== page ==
Columbia was among the first schools to establish both comparative and international law centers. The Law School also has major centers for the study of Chinese, Japanese, and Korean law, as well as centers for European Legal Studies, Law and Economics, Corporate Governance, Law and Philosophy, eleven other law centers, and numerous law programs.
In 2006, the Law School embarked on an ambitious campaign to increase the number of faculty by fifty percent without increasing the number of students.
On May 26, 2009, President Barack Obama nominated Judge Sonia Sotomayor, a Lecturer-in-Law at Columbia since 1999, to be a Justice of the Supreme Court of the United States. Judge Sotomayor created and co-taught a course entitled "The Federal Appellate Externship" every semester at the Law School since the fall 2000. Federal Appellate Externships and many other externships, including Federal District Externships, are offered each year at the Law School.
Columbia Law School’s Arthur W. Diamond Library is one of the most comprehensive libraries in the world and is the second largest law library in the United States, with over 1,000,000 volumes and subscriptions to more than 7,450 journals and other serials.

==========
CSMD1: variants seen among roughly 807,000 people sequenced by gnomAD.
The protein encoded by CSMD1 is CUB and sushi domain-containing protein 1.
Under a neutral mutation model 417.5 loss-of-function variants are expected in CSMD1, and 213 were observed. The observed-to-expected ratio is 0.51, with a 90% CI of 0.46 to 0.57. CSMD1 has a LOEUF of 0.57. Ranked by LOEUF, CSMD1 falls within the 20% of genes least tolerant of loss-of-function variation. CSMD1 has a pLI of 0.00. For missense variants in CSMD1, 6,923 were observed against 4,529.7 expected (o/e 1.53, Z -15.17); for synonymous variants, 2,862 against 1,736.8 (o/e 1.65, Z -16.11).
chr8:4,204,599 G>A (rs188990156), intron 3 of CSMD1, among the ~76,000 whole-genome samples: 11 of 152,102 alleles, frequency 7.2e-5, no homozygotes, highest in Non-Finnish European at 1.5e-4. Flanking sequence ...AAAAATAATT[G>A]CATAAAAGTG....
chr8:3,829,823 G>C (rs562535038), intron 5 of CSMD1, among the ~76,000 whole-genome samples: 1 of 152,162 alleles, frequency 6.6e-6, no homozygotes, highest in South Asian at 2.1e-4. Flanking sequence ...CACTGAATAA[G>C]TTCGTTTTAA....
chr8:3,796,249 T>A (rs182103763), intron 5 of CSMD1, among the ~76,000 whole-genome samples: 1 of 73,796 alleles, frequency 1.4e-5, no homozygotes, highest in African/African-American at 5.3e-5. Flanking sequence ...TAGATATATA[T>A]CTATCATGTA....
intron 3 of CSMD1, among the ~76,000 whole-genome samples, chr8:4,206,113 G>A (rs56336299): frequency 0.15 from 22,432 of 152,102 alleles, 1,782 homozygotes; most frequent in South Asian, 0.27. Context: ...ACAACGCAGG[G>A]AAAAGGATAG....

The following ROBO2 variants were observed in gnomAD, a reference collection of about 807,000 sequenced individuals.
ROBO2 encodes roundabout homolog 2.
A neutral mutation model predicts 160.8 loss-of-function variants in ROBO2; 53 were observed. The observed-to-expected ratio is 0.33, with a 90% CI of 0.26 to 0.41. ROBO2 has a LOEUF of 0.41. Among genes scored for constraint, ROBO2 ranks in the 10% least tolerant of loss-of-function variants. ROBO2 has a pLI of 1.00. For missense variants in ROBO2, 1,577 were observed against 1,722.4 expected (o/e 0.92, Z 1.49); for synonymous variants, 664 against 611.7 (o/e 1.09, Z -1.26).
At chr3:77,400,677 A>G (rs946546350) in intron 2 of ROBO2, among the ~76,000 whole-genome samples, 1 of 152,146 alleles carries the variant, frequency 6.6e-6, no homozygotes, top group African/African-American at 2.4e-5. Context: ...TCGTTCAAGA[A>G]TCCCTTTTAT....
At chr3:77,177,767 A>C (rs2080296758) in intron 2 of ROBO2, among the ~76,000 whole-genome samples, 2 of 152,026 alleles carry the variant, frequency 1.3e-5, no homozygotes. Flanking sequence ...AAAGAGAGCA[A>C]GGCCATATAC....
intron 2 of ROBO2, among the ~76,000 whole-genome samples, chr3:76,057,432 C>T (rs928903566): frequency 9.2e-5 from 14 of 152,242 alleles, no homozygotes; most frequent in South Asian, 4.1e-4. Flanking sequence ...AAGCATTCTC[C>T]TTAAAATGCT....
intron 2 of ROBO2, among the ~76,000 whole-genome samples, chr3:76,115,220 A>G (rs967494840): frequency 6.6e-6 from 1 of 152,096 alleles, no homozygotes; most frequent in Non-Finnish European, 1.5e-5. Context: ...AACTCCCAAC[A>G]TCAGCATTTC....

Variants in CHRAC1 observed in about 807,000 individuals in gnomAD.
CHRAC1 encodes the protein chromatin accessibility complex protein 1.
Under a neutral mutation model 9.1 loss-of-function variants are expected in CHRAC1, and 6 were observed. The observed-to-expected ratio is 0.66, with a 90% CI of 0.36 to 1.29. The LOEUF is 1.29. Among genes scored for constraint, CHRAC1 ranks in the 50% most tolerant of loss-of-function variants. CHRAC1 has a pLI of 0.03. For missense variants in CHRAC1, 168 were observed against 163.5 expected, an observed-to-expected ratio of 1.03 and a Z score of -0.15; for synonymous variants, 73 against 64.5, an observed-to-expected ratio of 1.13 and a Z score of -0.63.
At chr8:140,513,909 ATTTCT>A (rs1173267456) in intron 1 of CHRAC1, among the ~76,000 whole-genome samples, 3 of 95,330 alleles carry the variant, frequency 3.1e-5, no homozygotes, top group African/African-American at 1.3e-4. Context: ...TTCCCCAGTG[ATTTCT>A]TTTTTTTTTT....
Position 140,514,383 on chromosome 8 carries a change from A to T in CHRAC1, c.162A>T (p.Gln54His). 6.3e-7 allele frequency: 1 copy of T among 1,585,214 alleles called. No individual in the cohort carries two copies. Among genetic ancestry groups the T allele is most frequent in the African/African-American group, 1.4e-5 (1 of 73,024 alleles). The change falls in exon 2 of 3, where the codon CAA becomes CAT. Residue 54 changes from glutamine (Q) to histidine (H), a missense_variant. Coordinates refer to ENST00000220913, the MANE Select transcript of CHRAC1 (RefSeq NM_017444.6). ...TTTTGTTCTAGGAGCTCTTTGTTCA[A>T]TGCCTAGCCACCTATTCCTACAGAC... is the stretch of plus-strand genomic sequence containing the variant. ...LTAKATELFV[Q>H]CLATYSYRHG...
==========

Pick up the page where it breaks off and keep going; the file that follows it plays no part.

The Columbia Law Review is the third most (and often the second most) cited law journal in the world and is one of the four publishers of the Bluebook. Columbia publishes twelve other student-edited journals, including the Columbia Business Law Review, Columbia Human Rights Law Review, Columbia Journal of Asian Law, Columbia Journal of Environmental Law, Columbia Journal of European Law, Columbia Journal of Gender and Law, Columbia Journal of Law & Social Problems, Columbia Journal of Law & Arts, Columbia Journal of Transnational Law, Columbia Science and Technology Review, the American Review of International Arbitration, and the National Black Law Journal.